There was something about your Yule log lasting till Twelfth Night – but as my link isn’t working, I can’t go back and listen to this section of the show. HUGE log hauled in here; LOVE the fruit and cinnamon sticks!! What a scent they must have sent into the air.

It was here however that I rather wondered: who wrote Beeny’s script? Was there a researcher who plucked out of letters, diaries, whathaveyou the very “rites” of the Festive Season I was craving to learn about? Or, was there some secondary book on, say, Regency Christmases, that — right or wrong — was followed.

There is a book out there (which I confess I’ve never seen in the flesh) that may serve as the basis for an online LIST of GIFTS received by my Emma, used to conclude that large gift-exchanges occurred at this date. Trouble is, I’ve seen mention of items from this list: I suspect it’s Emma’s list of BIRTHDAY gifts (HRO did call them both; but I’m not sure); and one year it’s gifts bought by Charles Joshua Smith (her eldest brother) while on his Grand Tour.

I made one brief note at this point, and can’t relisten: there was talk of attending Church twice. This given as “proof” of the Georgian era’s “piety.” Trouble is, they ALWAYS (horrid weather permitting) went to Church twice on Sundays!

great british xmas4

On to food then – with this woman, whose name I did not note at the time. Now, _I_ (fussy eater that I am, and not a great lover of meat either) wouldn’t want to eat much of what was on offer either, but “been there before” with the turned-up noses and snide comments. Amanda Vickery’s Jane Austen Pride and Prejudice  “Netherfield” Ball special also had a culinary historian chief; that was, as I recall, quite informative. Pity that route wasn’t taken here.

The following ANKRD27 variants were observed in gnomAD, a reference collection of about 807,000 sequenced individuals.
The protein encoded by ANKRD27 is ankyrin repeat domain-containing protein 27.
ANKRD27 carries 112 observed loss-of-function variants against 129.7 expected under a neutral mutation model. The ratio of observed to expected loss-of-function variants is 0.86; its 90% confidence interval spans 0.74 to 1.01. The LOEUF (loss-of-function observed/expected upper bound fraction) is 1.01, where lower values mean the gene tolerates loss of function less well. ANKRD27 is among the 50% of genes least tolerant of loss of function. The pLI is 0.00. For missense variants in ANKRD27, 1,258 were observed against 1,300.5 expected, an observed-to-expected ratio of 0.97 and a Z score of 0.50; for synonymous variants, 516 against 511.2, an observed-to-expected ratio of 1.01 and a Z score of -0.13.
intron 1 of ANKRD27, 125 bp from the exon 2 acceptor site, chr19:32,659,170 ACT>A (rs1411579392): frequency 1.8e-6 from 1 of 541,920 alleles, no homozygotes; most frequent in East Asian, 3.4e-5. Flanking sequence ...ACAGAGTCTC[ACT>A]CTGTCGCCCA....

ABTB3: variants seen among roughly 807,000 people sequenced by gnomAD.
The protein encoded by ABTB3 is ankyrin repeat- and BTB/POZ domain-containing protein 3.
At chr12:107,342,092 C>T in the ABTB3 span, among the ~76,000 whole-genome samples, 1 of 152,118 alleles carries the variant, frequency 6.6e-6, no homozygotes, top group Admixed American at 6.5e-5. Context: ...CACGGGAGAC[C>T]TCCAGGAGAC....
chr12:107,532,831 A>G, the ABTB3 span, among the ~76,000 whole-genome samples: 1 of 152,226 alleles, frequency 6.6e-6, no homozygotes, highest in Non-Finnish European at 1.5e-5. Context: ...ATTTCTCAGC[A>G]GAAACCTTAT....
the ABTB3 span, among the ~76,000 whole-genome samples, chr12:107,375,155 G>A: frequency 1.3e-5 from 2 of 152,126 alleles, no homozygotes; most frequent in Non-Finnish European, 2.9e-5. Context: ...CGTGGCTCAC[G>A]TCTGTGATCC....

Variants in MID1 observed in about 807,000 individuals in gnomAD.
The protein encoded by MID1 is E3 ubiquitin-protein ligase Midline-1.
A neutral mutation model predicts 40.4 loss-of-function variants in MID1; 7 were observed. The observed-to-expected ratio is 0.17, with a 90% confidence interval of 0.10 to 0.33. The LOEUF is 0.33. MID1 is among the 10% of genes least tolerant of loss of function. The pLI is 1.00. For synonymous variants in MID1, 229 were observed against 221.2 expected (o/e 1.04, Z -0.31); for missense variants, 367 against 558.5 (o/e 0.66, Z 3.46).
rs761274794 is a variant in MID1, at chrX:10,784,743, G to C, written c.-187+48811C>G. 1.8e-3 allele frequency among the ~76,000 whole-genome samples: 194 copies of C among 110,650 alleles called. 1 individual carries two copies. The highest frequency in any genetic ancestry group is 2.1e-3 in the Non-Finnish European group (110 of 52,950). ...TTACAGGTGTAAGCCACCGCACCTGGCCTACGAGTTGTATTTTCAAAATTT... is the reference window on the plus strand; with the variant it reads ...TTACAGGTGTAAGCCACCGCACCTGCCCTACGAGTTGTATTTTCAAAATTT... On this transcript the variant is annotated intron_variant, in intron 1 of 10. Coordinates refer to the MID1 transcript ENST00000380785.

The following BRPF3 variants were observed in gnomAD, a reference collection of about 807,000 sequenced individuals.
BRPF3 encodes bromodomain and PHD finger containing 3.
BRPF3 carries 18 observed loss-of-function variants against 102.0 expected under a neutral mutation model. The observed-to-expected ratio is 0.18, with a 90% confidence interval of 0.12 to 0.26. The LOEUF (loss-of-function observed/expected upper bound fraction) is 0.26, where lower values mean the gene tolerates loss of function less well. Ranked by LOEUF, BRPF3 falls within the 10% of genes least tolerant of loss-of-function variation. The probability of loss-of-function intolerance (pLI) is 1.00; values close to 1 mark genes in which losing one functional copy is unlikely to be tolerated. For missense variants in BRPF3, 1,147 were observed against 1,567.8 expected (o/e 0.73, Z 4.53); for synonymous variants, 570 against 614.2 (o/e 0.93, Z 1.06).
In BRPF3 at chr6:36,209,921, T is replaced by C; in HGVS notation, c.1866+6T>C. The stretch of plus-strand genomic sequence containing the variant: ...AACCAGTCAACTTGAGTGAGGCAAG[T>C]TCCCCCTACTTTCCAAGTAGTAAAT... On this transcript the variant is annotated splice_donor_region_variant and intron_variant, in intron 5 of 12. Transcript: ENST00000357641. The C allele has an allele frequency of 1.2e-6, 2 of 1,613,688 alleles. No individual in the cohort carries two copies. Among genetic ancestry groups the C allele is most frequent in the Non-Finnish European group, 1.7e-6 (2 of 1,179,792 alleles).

But then, we were pressed for time, weren’t we…

great british xmas5

One “game” was discussed: that of plucking out raisins (were they?) from a flaming bowl. But my attention was caught instead by the Christmas Cake, and the short discussion of King / Queen for the Day. There is a delightful segment in the Letters of Abigail Adams (yes, Mrs John Adams, later President of the United States), when the couple was resident in Paris. Talk of “No Bean – No Queen,” which I remember to this day. John, alas, does not come off well in his wife’s tale!

I’ll see if I can hunt up an online version of this letter (one of my favorites!); written to her sister, it is not at the major site of Adams correspondence.

great british xmas6

Must confess to being rather disappointed. Of course the link I used to watch half thursday night was down by yesterday. A few comments of the “rude” Georgians and their kissing ball (bowl? bough? not sure what she said!), few more about their “crude” food and “rude” adult games (those flaming bowls). Then it was on to toys and kiddies, trees and “traditional” Xmas.